Hyenas or hyaenas (from Greek ὕαινα hýaina[1]) are any feliform carnivoran mammals of the family Hyaenidae /haɪˈɛnᵻdiː/. With only four extant species, it is the fifth-smallest biological family in the Carnivora, and one of the smallest in the class Mammalia.[2] Despite their low diversity, hyenas are unique and vital components of most African ecosystems.[3]
Although phylogenetically they are closer to felines and viverrids, hyenas are behaviourally and morphologically similar to canines in several aspects; both hyenas and canines are nonarboreal, cursorial hunters that catch prey with their teeth rather than claws. Both eat food quickly and may store it, and their calloused feet with large, blunt, nonretractable nails are adapted for running and making sharp turns. However, the hyenas’ grooming, scent marking, defecating habits, mating, and parental behaviour are consistent with the behaviour of other feliforms.[4]
Spotted hyenas may kill as many as 95% of the animals they eat,[5] while striped hyenas are largely scavengers.[6] Generally, hyenas are known to drive off larger predators, like lions, from their kills, despite having a reputation in popular culture for being cowardly.[6] Hyenas are primarily nocturnal animals, but sometimes venture from their lairs in the early-morning hours. With the exception of the highly social spotted hyena, hyenas are generally not gregarious animals, though they may live in family groups and congregate at kills.[7]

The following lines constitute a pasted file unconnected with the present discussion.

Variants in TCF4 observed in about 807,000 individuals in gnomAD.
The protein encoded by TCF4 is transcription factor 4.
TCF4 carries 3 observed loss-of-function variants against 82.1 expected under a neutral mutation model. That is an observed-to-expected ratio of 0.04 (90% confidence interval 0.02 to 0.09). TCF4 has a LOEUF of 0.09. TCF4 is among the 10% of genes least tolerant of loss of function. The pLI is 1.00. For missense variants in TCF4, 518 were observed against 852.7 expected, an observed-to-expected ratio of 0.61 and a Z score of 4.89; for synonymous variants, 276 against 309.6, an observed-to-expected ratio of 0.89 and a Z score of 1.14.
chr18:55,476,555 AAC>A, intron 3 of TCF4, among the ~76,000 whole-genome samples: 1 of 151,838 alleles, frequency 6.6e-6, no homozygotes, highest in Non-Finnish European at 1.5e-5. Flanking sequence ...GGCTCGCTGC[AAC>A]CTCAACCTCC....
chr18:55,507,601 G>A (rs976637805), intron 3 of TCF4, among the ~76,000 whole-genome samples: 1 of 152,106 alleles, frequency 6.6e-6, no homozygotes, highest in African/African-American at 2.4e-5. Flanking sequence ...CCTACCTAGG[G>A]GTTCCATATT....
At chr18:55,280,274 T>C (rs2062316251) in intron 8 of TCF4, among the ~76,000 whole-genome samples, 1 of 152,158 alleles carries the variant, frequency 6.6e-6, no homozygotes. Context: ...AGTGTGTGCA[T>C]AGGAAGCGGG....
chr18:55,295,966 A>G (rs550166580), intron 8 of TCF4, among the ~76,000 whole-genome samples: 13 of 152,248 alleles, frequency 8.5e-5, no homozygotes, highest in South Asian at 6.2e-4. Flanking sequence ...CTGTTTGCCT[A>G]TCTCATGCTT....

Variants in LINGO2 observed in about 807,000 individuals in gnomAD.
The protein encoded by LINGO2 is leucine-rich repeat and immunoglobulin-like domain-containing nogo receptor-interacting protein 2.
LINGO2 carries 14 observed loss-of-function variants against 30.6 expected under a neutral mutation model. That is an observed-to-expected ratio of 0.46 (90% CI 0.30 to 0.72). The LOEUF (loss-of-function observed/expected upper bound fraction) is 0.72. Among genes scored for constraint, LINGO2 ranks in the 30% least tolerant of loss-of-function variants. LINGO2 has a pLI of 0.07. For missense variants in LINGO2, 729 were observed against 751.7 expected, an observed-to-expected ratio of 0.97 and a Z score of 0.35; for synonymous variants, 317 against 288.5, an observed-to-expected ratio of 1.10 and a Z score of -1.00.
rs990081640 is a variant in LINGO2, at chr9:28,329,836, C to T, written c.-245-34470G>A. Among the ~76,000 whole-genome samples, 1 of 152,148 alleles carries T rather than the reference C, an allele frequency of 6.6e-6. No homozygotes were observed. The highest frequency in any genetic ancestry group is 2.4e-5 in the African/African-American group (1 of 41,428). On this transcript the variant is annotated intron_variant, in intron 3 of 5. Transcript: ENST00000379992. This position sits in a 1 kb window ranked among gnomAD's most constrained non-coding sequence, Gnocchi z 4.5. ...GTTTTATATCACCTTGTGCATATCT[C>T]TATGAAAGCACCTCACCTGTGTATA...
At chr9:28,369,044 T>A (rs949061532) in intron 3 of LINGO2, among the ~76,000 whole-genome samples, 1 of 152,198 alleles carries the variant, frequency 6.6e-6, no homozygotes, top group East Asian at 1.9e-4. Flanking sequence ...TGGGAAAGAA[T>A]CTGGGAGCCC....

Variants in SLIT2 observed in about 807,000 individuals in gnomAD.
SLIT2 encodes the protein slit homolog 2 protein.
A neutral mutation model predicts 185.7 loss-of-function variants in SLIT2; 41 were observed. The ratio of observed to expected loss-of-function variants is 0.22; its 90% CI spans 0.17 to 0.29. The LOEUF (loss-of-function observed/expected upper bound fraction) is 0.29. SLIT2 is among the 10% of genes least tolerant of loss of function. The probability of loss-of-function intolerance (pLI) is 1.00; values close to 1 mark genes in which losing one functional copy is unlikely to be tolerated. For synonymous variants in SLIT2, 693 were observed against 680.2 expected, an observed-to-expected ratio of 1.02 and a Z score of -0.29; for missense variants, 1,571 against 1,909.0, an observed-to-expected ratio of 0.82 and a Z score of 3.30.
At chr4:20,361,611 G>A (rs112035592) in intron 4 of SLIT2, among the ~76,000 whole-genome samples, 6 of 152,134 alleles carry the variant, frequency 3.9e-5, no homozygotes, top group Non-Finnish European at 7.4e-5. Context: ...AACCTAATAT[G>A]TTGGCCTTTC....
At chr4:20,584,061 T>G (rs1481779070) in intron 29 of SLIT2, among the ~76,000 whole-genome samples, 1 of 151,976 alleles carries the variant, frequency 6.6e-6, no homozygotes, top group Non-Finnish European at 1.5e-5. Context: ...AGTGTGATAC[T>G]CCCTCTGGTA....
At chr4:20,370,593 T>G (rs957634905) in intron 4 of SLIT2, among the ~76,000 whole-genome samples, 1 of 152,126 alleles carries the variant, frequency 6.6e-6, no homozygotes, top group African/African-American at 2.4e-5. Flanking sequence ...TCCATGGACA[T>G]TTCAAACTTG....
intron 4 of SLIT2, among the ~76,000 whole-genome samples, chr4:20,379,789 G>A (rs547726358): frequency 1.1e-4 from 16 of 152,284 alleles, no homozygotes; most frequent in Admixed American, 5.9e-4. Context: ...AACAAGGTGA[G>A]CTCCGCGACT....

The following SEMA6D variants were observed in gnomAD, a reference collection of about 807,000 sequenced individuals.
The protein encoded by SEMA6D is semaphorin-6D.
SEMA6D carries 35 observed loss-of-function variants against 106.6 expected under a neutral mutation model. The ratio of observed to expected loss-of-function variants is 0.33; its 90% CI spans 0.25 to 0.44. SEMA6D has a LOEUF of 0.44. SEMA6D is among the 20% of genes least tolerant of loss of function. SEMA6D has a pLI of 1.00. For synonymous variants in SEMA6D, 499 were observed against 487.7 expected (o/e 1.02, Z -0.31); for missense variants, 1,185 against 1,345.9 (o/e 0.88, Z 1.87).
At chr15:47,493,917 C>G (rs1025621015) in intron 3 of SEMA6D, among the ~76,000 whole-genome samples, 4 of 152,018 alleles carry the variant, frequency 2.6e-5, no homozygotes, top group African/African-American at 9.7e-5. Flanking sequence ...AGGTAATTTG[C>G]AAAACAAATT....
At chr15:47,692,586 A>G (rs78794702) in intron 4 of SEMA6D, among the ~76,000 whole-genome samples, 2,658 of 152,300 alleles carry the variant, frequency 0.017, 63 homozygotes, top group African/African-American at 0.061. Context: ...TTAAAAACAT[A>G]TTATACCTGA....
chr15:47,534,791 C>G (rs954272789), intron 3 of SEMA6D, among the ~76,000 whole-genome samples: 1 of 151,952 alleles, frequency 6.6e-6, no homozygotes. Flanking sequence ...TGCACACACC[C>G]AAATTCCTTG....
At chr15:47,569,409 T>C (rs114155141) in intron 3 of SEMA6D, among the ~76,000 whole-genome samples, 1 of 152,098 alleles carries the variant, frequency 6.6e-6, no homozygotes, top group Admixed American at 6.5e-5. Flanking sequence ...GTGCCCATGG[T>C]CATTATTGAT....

Hyenas first arose in Eurasia during the Miocene period from viverrid-like ancestors, and diversified into two distinct types: lightly built dog-like hyenas and robust bone-crushing hyenas. Although the dog-like hyenas thrived 15 million years ago (with one taxon having colonised North America), they became extinct after a change in climate along with the arrival of canids into Eurasia. Of the dog-like hyena lineage, only the insectivorous aardwolf survived, while the bone-crushing hyenas (including the extant spotted, brown and striped hyenas) became the undisputed top scavengers of Eurasia and Africa.[8]
Hyenas feature prominently in the folklore and mythology of human cultures with which they are sympatric. Hyenas are commonly viewed as frightening and worthy of contempt, and are associated with witchcraft, because their body parts are used as ingredients in traditional medicine. In some cultures, hyenas are thought to influence people’s spirits, rob graves, and steal livestock and children.[9]

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